Hunter Biden’s Dysfunctional World of Finance


(CNN) — In the fall of 2018, Hunter Biden received a rapid succession of emails from his accountant — all about his taxes.

“You’re late,” Bill Morgan told his client in October, noting that Biden had missed an already extended deadline of October 15.

“Your 2017 tax returns have yet to be filed,” the accountant reminded Biden two weeks later.

“You need to file 2017 so we can try to work out a payment schedule,” he added the next day.

Morgan also noted in that email that Hunter Biden’s aide had sent him a copy of a 2015 Internal Revenue Service notice. “They want $158,000,” the accountant wrote. “IRS has notified the State Department and they will not renew your passport until this is resolved.”

Welcome to the dysfunctional world of Hunter Biden’s finances. While the general topic of the president’s son’s financial woes has been widely reported, the details surrounding his earlier presentations may offer a glimpse into some of the areas federal investigators are delving into as part of an ongoing investigation. about possible tax violations and other crimes approaching a critical juncture. Prosecutors, the sources say, could make a decision soon on whether to bring criminal charges against the president’s son.

Hunter Biden’s legal danger has been exploited by Republicans seeking to accuse his father, President Joe Biden, of being an accessory to his alleged wrongdoing. Republicans hope, if they regain control of the House of Representatives, to investigate the Biden family through committees they will control.

Biden has denied any wrongdoing and has said he has cooperated with investigators. Her father is not implicated in the ongoing federal investigation, according to sources briefed on the matter.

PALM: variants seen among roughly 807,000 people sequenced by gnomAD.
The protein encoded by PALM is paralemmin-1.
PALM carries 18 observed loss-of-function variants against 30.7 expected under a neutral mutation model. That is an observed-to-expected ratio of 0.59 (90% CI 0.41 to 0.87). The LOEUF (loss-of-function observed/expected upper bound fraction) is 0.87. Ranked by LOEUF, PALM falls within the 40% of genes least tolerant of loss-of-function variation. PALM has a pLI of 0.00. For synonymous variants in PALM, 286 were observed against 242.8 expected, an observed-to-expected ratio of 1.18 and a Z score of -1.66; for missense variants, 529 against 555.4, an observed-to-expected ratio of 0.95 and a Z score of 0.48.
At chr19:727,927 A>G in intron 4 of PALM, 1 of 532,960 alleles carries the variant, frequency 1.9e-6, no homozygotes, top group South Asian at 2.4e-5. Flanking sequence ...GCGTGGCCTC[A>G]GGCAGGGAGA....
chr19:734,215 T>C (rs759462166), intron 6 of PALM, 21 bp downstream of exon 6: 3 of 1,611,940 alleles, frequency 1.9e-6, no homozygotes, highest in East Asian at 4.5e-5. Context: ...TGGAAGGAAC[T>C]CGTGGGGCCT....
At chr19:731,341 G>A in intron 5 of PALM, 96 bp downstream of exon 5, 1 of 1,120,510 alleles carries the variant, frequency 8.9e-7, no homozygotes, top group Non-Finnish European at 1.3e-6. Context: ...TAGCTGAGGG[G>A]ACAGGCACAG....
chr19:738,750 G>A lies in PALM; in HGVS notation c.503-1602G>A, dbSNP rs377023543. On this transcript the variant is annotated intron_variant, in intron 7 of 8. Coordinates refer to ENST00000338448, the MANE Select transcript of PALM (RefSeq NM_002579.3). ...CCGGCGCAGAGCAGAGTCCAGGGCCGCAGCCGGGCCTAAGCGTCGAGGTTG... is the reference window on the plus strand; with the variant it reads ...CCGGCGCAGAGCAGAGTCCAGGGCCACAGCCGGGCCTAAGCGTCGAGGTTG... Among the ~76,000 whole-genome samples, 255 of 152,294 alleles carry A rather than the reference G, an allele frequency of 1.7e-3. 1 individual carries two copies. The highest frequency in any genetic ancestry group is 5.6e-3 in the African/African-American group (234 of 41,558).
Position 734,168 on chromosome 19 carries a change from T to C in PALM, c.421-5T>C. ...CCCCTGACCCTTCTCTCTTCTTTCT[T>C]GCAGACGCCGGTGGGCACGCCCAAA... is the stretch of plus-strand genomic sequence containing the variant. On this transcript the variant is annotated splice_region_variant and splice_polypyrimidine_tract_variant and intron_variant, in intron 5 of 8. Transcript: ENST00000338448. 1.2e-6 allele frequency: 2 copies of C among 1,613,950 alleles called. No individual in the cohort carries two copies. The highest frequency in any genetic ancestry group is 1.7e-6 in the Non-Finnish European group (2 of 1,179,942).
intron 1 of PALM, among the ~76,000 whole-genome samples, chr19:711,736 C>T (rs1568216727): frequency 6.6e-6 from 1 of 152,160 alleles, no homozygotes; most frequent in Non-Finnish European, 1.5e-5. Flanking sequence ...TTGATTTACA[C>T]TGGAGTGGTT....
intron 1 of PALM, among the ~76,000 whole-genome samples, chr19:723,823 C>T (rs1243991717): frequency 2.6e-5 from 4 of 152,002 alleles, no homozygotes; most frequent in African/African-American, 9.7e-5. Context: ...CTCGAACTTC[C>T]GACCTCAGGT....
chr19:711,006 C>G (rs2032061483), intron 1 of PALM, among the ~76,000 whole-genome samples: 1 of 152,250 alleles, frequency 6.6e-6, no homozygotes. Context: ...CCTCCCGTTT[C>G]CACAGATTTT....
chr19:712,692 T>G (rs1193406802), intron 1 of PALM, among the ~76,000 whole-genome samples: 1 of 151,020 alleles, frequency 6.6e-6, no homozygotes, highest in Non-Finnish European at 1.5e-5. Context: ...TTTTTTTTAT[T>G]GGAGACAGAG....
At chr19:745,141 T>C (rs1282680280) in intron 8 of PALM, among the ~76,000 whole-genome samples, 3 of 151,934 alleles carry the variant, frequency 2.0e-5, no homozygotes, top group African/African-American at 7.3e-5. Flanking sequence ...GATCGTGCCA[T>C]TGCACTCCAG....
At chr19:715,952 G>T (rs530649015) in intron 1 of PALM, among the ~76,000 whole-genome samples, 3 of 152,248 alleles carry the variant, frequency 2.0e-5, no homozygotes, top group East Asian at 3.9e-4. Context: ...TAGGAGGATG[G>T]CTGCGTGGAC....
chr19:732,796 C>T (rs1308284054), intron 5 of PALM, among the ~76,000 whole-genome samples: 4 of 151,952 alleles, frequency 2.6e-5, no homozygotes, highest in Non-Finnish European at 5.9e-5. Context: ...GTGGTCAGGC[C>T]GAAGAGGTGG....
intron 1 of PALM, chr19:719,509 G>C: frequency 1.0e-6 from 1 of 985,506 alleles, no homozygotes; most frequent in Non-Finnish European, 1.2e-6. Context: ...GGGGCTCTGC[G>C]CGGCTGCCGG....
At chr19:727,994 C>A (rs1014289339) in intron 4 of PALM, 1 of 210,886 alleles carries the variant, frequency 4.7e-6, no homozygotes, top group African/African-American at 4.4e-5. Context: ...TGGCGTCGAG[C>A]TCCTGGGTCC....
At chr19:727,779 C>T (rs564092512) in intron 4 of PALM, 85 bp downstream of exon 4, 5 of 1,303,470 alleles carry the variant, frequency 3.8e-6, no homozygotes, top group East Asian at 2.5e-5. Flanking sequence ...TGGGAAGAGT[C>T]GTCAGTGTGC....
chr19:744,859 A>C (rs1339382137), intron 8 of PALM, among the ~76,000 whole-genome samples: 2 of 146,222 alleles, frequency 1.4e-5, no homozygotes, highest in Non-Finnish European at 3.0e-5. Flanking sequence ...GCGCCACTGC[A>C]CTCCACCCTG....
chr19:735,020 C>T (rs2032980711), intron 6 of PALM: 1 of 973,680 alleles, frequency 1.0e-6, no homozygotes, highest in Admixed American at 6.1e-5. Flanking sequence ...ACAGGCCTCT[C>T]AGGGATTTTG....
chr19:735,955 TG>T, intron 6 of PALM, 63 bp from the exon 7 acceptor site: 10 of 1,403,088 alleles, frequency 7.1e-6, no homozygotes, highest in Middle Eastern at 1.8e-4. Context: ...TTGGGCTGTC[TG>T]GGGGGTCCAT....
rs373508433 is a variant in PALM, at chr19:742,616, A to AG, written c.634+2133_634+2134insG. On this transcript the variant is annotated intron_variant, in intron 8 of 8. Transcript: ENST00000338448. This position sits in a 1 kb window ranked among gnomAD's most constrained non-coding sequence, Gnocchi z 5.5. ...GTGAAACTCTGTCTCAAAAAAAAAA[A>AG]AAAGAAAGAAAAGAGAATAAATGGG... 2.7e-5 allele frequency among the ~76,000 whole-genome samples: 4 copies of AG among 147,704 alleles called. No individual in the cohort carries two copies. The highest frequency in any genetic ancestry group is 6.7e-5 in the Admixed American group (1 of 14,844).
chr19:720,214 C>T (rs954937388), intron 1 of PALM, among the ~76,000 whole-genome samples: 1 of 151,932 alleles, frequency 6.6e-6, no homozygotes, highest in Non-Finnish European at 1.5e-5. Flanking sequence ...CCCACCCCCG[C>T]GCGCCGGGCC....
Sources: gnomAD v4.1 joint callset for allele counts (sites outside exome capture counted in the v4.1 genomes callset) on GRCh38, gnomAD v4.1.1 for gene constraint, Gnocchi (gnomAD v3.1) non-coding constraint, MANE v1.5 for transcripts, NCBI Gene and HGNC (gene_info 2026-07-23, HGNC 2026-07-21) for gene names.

CNN hired a cyberforensics expert to help authenticate a cache of emails related to Hunter Biden’s finances that were posted online by a former Trump White House aide and allegedly traced to a laptop that turned up at a repair shop. from Del.

The information from the laptop has fueled countless stories about Biden’s drug abuse, alleged sexual indiscretions and financial woes, many of which CNN — and other media outlets — have been unable to verify. Hunter Biden has not commented directly on the authenticity of the emails or the stories they are based on. He told CBS News last year that he didn’t know if that laptop was his.

Jake Williams, a former National Security Agency agent who analyzed the emails for CNN, said he was able to authenticate a subset of the emails because they contained verified signatures within their metadata that showed they had not been modified. Only emails that he authenticated are cited in this report.

Williams, who previously reviewed laptop data for The Washington Post, said most of the emails she reviewed for CNN could not be verified because they lacked the technical data needed for the validation process, among other reasons.

CNN’s review of emails showed that Hunter Biden struggled with fiscal problems for years and that at times his accountant seemed lost to keep track of the flow of the president’s son’s money. In an email, his accountant raised a question about a $550,000 receipt, asking whether it should be recorded as a loan or income from Burisma, the Ukrainian energy company on whose board Biden served. No response from Biden is shown in that email chain.

Biden received up to $50,000 a month for serving on Burisma’s board from 2014 to 2019, according to a Republican-led Senate report on his business activities.

Despite that generous income, Biden’s debts piled up, even as he received repeated warnings from his bank, his accountant and others.